Sarmad Ishfaq is an independent researcher and writer whose work has been published by Harvard Kennedy School Review, the Diplomat, Open Democracy, Paradigm Shift, Mondoweiss, and Eurasia Review to name a few. He has also been published by several international peer-reviewed journals such as Taylor and Francis' Social Identities. Before becoming an independent writer, he worked as a research fellow for the Lahore Center for Peace Research. He has a master's degree in International Relations from the University of Wollongong in Dubai where he was recognized as the 'Top Graduate'.
Pakistan’s PM Imran Khan has copiously stated throughout his term that he does not support bloc politics and would rather have good relations with all countries. Although one cannot peer into Mr. Khan’s heart to discern if this is actually what he believes, let us for argument’s sake take his word as truth. The fact is that despite Imran Khan’s musings against bloc politics, the country is headed towards a China-Russia-Iran bloc nevertheless, or what we may soon call the Pakistan-Russia-China bloc.
Perhaps in Imran Khan’s head, his successful tour of Russia was a manifestation of his credo of forging amicable relations with all countries but this is a zero-sum game – meaning good relations with Russia will equate to bad relations with the US and the West. While the US has tolerated Pakistan’s strong relations with China for decades, the country’s newfound friendship with Russia will not be met cordially by the United States.
Pakistan’s Neutrality & America’s Rage
In other words, the US and the West will force Pakistan into the China-Russia camp despite Imran Khan’s endeavors to balance relations with both sides. This process has precipitated recently due to Imran Khan’s historic tour of Russia and, more importantly, the latter’s Ukrainian invasion, which overlapped the premier’s visit.
Russia’s bold move to invade Ukraine and Pakistan’s “neutrality” with respect to the invasion can be considered a thumbs up for Russia – and concurrently, offensive to the West. Pakistan and China abstained from voting in the UN General Assembly’s vote on condemning the Russian invasion and have not condemned Putin in any subsequent official statements.
Imran Khan’s scathing reply to the European envoys when they wrote to him to rebuke Russia might have alienated Europe as well. Khan essentially retorted that Europe was nowhere to be found when India was breaking international laws vis-à-vis Kashmir, and that Pakistan is not a slave country. America has already revealed how it might coerce Pakistan into abandoning Russia and China by introducing a bill in Congress that aims to place sanctions on Pakistan.
This bill, introduced by Republican Scott Perry, if passed, will label Pakistan a state-sponsor of terrorism and will restrict the US from any foreign assistance to Pakistan including a ban on defense exports and financial transactions. The timing cannot be coincidental as it comes almost right after Pakistan’s defiance of leaping into the America-Europe bandwagon with regards to the Russia-Ukraine crisis.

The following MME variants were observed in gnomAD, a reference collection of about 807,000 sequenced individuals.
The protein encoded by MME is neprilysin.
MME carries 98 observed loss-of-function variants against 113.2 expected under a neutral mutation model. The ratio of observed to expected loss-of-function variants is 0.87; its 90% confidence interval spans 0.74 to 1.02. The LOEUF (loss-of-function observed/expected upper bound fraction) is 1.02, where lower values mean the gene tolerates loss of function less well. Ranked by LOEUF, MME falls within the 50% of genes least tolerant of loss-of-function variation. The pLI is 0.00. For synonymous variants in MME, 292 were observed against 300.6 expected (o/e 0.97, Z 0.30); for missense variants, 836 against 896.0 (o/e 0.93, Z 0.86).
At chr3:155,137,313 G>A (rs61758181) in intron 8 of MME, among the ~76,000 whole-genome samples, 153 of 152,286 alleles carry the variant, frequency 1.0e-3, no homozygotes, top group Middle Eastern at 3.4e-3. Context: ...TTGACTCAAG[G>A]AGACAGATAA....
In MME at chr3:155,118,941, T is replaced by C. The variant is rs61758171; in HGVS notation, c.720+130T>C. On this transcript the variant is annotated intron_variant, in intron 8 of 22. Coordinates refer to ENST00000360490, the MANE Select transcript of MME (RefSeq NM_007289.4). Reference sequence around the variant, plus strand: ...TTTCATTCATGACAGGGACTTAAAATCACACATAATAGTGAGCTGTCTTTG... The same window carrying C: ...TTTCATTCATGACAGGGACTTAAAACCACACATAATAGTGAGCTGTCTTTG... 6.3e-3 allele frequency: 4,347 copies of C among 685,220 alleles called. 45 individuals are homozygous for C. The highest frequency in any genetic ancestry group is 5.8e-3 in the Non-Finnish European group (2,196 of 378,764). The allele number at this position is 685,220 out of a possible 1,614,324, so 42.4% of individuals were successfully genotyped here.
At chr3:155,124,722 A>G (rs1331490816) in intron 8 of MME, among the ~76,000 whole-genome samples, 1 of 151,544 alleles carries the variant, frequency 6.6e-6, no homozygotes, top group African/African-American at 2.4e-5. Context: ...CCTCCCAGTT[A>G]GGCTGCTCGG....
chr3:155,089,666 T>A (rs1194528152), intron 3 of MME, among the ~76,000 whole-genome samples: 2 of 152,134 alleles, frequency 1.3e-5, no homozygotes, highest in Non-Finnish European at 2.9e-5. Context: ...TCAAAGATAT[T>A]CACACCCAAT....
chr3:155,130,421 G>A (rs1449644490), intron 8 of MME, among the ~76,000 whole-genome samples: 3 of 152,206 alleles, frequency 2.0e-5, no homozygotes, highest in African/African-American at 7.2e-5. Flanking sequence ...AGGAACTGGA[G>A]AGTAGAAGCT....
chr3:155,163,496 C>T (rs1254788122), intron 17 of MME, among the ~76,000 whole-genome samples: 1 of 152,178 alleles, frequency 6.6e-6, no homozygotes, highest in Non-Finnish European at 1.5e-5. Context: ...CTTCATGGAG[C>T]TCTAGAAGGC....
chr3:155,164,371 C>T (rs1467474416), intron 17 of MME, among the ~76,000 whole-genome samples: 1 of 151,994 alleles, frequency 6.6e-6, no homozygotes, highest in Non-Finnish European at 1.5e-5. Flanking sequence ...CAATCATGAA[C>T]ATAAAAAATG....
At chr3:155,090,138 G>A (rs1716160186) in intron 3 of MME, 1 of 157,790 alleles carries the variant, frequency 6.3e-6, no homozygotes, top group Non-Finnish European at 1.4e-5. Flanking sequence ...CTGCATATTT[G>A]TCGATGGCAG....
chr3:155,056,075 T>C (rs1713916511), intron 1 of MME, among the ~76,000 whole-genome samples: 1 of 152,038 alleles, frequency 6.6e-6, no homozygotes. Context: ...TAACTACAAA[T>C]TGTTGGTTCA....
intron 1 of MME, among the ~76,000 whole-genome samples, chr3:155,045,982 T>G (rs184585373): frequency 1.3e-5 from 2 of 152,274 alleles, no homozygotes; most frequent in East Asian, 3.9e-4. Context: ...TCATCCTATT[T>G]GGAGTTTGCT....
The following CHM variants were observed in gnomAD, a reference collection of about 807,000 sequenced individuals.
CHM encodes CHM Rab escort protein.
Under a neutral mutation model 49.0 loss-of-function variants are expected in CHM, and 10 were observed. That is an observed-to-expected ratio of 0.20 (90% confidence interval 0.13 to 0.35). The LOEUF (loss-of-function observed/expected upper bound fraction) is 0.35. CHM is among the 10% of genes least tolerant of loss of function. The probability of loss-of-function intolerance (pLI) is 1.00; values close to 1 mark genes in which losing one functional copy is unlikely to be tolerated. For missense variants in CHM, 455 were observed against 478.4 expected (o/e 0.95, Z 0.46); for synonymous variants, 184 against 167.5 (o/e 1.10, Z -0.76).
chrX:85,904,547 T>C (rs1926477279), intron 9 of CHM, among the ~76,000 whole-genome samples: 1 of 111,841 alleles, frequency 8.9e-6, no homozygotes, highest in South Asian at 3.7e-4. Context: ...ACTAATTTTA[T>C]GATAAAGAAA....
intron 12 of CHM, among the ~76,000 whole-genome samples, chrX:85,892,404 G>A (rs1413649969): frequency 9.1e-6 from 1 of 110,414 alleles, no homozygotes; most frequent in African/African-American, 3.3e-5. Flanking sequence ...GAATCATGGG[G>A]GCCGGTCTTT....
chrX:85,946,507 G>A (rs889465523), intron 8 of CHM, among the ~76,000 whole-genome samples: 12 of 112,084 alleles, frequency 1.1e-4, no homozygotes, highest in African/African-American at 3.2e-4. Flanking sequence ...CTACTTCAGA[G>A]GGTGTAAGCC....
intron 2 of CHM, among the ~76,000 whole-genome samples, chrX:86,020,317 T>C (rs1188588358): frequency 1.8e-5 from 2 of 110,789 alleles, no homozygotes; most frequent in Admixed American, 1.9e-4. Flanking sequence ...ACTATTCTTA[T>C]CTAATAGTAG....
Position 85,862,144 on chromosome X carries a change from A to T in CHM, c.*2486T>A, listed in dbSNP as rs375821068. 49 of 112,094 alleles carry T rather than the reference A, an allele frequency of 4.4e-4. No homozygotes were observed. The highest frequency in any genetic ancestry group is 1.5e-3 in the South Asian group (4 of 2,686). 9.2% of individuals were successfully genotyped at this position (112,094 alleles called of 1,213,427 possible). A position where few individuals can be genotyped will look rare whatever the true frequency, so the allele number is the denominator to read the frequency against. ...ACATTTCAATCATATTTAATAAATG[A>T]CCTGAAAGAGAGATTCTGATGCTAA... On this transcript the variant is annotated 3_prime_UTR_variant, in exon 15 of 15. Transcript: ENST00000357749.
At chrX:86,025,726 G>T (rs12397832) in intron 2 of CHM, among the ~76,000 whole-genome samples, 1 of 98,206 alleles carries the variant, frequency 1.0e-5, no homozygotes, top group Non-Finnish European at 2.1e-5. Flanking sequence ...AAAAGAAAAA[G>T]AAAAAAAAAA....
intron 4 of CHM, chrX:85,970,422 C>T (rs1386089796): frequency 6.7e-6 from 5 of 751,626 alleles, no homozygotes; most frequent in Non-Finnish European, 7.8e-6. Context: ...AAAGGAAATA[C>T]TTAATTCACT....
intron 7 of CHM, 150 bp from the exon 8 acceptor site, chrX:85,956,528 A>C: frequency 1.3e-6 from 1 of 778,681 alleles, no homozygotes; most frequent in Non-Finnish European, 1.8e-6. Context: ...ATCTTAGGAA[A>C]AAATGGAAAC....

Even before the crisis, Pakistan was being shunned in America for “supporting” the Taliban, when it was the US that needed Pakistan’s monumental help to get out of Afghanistan, that is, the graveyard of empires. If America leads the charge against Pakistan, China, and others, the West too will follow – at least for a while. Some readers might be contemplating then why would Pakistan go against the West – why not just listen to America and avoid any fiasco? Enter Imran Khan.
Moving Away from the West
Mr. Khan, the obstinate premier that he is (and I write that in a positive sense), will not succumb to Western pressure since he understands the US all too well. To reiterate, he would definitely not want a confrontational role with the West but he will not be another yes-man to Western foreign powers. Imran Khan will be cognizant of such indefatigable US-West machinations against Pakistan and therefore must prepare to mitigate any worst-case scenario if one transpires.
The West accounts for most of Pakistan’s exports, with the US, UK, Germany, Netherlands, Spain, and Italy forming a great bulk. Undermining Pakistani exports would be a massive detriment to Pakistan’s already frail economy and could allow a freefall into oblivion. Secondly, the US’s massive influence over the IMF and the West’s sway over FATF could mean that Pakistan stops receiving financial loans from the former and be placed on the black list by the latter.
To receive loans from the IMF, Pakistan had to accept severely harsh conditions which included the autonomy of the State Bank, cessation of tax exemptions, hike in electricity prices, and a development levy on petroleum products – showcasing the economic hitmen at their finest. As for the FATF, despite Pakistan fulfilling 95% of its requirements as stated by Marcus Pleyer, head of the watchdog, the country has been subjected to the grey list for years.